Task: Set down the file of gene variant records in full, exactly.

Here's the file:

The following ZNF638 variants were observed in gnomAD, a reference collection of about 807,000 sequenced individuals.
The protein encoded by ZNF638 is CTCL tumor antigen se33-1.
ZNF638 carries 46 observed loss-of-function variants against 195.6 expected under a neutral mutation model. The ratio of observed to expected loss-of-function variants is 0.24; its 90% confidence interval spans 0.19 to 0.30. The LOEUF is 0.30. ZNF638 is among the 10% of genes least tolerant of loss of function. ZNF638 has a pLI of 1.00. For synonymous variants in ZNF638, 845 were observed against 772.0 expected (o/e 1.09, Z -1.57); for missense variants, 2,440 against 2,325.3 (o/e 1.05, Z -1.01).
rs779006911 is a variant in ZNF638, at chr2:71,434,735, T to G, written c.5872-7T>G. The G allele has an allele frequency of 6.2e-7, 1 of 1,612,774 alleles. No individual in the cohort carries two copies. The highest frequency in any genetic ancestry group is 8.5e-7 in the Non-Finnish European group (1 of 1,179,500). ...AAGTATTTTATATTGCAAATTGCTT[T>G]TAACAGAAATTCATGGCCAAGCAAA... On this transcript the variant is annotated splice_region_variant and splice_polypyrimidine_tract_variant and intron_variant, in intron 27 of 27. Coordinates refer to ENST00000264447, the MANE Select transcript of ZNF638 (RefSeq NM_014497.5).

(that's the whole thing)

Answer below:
The following ZNF638 variants were observed in gnomAD, a reference collection of about 807,000 sequenced individuals.
The protein encoded by ZNF638 is CTCL tumor antigen se33-1.
ZNF638 carries 46 observed loss-of-function variants against 195.6 expected under a neutral mutation model. The ratio of observed to expected loss-of-function variants is 0.24; its 90% confidence interval spans 0.19 to 0.30. The LOEUF is 0.30. ZNF638 is among the 10% of genes least tolerant of loss of function. ZNF638 has a pLI of 1.00. For synonymous variants in ZNF638, 845 were observed against 772.0 expected (o/e 1.09, Z -1.57); for missense variants, 2,440 against 2,325.3 (o/e 1.05, Z -1.01).
rs779006911 is a variant in ZNF638, at chr2:71,434,735, T to G, written c.5872-7T>G. The G allele has an allele frequency of 6.2e-7, 1 of 1,612,774 alleles. No individual in the cohort carries two copies. The highest frequency in any genetic ancestry group is 8.5e-7 in the Non-Finnish European group (1 of 1,179,500). ...AAGTATTTTATATTGCAAATTGCTT[T>G]TAACAGAAATTCATGGCCAAGCAAA... On this transcript the variant is annotated splice_region_variant and splice_polypyrimidine_tract_variant and intron_variant, in intron 27 of 27. Coordinates refer to ENST00000264447, the MANE Select transcript of ZNF638 (RefSeq NM_014497.5).